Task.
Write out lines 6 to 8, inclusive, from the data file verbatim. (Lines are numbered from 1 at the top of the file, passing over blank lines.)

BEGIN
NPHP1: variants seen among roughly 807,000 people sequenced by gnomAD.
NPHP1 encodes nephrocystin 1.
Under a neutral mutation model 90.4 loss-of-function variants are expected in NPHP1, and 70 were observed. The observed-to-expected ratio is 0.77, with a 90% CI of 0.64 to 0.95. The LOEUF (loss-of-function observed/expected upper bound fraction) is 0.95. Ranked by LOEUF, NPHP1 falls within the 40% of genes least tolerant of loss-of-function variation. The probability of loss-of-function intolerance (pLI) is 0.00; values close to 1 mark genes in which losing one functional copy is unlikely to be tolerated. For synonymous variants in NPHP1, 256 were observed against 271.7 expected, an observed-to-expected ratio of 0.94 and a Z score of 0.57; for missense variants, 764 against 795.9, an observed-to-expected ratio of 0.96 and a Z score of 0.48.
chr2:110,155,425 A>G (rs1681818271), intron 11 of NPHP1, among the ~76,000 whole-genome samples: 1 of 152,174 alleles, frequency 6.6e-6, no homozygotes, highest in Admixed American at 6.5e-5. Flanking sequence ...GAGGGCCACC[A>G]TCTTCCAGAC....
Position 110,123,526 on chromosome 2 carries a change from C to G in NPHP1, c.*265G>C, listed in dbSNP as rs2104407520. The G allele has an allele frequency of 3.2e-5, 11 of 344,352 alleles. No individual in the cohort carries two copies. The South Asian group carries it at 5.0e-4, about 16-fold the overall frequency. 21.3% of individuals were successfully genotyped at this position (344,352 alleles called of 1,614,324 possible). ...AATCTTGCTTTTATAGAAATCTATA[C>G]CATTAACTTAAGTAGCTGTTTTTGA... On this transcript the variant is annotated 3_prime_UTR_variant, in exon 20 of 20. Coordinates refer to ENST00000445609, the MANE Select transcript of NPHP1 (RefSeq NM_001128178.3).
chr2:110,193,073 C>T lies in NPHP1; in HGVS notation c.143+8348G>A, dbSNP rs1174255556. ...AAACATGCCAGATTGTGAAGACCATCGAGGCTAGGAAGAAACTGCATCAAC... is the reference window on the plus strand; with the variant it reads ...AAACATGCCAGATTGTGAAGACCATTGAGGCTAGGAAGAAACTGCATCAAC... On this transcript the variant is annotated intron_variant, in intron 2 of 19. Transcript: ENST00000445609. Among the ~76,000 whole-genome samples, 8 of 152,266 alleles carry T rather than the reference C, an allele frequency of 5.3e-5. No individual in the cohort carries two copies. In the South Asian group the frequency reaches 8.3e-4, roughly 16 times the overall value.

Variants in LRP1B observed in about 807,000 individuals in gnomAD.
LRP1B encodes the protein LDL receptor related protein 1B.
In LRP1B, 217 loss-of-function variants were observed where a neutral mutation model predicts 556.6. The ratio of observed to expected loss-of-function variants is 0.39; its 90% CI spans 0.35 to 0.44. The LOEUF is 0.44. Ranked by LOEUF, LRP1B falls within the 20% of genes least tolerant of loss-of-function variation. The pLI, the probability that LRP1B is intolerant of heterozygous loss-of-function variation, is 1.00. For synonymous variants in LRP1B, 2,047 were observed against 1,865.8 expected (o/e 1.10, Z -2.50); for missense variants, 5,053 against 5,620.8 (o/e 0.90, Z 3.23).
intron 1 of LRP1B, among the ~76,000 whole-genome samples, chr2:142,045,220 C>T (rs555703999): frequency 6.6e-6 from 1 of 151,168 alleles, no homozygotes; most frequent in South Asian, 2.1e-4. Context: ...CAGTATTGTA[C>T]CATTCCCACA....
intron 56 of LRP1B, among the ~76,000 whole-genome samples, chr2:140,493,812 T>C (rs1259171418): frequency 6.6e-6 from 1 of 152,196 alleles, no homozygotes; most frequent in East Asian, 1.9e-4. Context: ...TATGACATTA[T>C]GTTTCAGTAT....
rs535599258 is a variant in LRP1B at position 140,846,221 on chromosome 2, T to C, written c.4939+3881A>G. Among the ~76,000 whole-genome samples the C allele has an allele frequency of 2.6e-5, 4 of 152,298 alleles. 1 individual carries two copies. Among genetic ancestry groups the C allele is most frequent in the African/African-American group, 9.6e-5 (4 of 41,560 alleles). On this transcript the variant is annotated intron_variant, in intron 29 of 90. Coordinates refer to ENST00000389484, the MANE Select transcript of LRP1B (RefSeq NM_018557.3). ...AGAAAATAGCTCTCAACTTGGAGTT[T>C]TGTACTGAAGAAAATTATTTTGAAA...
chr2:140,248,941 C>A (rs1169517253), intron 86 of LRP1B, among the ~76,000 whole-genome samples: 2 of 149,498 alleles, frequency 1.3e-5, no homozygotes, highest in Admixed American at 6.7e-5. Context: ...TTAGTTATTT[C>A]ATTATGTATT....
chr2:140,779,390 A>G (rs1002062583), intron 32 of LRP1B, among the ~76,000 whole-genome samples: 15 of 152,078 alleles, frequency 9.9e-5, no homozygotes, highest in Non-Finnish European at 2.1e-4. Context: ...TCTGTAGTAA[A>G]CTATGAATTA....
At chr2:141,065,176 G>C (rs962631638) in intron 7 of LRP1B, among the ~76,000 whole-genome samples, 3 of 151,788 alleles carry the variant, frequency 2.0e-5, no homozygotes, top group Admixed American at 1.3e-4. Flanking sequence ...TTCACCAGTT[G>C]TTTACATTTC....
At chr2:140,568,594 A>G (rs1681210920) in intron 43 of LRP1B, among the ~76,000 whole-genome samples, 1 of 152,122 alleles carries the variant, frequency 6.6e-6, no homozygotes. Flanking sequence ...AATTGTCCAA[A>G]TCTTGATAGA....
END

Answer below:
chr2:110,193,073 C>T lies in NPHP1; in HGVS notation c.143+8348G>A, dbSNP rs1174255556. ...AAACATGCCAGATTGTGAAGACCATCGAGGCTAGGAAGAAACTGCATCAAC... is the reference window on the plus strand; with the variant it reads ...AAACATGCCAGATTGTGAAGACCATTGAGGCTAGGAAGAAACTGCATCAAC... On this transcript the variant is annotated intron_variant, in intron 2 of 19. Transcript: ENST00000445609. Among the ~76,000 whole-genome samples, 8 of 152,266 alleles carry T rather than the reference C, an allele frequency of 5.3e-5. No individual in the cohort carries two copies. In the South Asian group the frequency reaches 8.3e-4, roughly 16 times the overall value.

Variants in LRP1B observed in about 807,000 individuals in gnomAD.
LRP1B encodes the protein LDL receptor related protein 1B.